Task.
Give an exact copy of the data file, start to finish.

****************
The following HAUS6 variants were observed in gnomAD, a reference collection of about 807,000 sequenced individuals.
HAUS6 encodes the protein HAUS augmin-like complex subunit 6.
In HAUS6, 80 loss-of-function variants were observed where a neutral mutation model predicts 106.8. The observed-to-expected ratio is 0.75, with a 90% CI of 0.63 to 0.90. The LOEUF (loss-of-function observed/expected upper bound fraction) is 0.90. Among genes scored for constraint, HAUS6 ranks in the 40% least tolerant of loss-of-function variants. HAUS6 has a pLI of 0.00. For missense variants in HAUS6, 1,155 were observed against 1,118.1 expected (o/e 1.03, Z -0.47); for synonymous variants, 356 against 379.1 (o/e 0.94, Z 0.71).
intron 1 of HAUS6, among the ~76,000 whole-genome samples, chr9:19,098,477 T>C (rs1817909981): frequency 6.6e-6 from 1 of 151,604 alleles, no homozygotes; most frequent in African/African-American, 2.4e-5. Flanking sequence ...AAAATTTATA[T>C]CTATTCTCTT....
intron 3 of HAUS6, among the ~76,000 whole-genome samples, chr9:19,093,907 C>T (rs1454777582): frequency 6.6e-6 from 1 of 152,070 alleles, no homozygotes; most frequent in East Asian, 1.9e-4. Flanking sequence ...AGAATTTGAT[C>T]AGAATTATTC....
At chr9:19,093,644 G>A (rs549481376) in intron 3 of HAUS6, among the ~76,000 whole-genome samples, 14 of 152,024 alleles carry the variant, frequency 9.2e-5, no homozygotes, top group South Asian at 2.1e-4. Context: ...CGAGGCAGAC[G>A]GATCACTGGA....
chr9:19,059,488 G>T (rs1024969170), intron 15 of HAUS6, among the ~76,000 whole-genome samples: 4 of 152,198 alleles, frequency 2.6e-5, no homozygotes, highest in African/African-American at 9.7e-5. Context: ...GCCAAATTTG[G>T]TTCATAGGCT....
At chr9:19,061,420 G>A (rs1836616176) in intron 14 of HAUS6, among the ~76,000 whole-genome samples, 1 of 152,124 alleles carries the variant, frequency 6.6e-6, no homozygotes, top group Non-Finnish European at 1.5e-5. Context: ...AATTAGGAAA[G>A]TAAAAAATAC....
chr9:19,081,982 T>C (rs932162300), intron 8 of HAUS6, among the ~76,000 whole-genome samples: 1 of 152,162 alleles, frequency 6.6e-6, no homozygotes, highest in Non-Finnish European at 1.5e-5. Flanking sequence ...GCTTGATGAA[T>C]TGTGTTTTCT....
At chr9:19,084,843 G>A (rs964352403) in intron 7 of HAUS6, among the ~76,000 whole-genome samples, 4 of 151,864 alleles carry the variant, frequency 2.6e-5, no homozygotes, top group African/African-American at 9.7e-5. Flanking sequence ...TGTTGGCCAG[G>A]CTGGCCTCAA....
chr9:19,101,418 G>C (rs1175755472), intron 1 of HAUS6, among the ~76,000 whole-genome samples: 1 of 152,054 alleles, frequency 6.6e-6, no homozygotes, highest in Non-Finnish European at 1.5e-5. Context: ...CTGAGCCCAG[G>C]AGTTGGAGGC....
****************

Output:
The following HAUS6 variants were observed in gnomAD, a reference collection of about 807,000 sequenced individuals.
HAUS6 encodes the protein HAUS augmin-like complex subunit 6.
In HAUS6, 80 loss-of-function variants were observed where a neutral mutation model predicts 106.8. The observed-to-expected ratio is 0.75, with a 90% CI of 0.63 to 0.90. The LOEUF (loss-of-function observed/expected upper bound fraction) is 0.90. Among genes scored for constraint, HAUS6 ranks in the 40% least tolerant of loss-of-function variants. HAUS6 has a pLI of 0.00. For missense variants in HAUS6, 1,155 were observed against 1,118.1 expected (o/e 1.03, Z -0.47); for synonymous variants, 356 against 379.1 (o/e 0.94, Z 0.71).
intron 1 of HAUS6, among the ~76,000 whole-genome samples, chr9:19,098,477 T>C (rs1817909981): frequency 6.6e-6 from 1 of 151,604 alleles, no homozygotes; most frequent in African/African-American, 2.4e-5. Flanking sequence ...AAAATTTATA[T>C]CTATTCTCTT....
intron 3 of HAUS6, among the ~76,000 whole-genome samples, chr9:19,093,907 C>T (rs1454777582): frequency 6.6e-6 from 1 of 152,070 alleles, no homozygotes; most frequent in East Asian, 1.9e-4. Flanking sequence ...AGAATTTGAT[C>T]AGAATTATTC....
At chr9:19,093,644 G>A (rs549481376) in intron 3 of HAUS6, among the ~76,000 whole-genome samples, 14 of 152,024 alleles carry the variant, frequency 9.2e-5, no homozygotes, top group South Asian at 2.1e-4. Context: ...CGAGGCAGAC[G>A]GATCACTGGA....
chr9:19,059,488 G>T (rs1024969170), intron 15 of HAUS6, among the ~76,000 whole-genome samples: 4 of 152,198 alleles, frequency 2.6e-5, no homozygotes, highest in African/African-American at 9.7e-5. Context: ...GCCAAATTTG[G>T]TTCATAGGCT....
At chr9:19,061,420 G>A (rs1836616176) in intron 14 of HAUS6, among the ~76,000 whole-genome samples, 1 of 152,124 alleles carries the variant, frequency 6.6e-6, no homozygotes, top group Non-Finnish European at 1.5e-5. Context: ...AATTAGGAAA[G>A]TAAAAAATAC....
chr9:19,081,982 T>C (rs932162300), intron 8 of HAUS6, among the ~76,000 whole-genome samples: 1 of 152,162 alleles, frequency 6.6e-6, no homozygotes, highest in Non-Finnish European at 1.5e-5. Flanking sequence ...GCTTGATGAA[T>C]TGTGTTTTCT....
At chr9:19,084,843 G>A (rs964352403) in intron 7 of HAUS6, among the ~76,000 whole-genome samples, 4 of 151,864 alleles carry the variant, frequency 2.6e-5, no homozygotes, top group African/African-American at 9.7e-5. Flanking sequence ...TGTTGGCCAG[G>A]CTGGCCTCAA....
chr9:19,101,418 G>C (rs1175755472), intron 1 of HAUS6, among the ~76,000 whole-genome samples: 1 of 152,054 alleles, frequency 6.6e-6, no homozygotes, highest in Non-Finnish European at 1.5e-5. Context: ...CTGAGCCCAG[G>C]AGTTGGAGGC....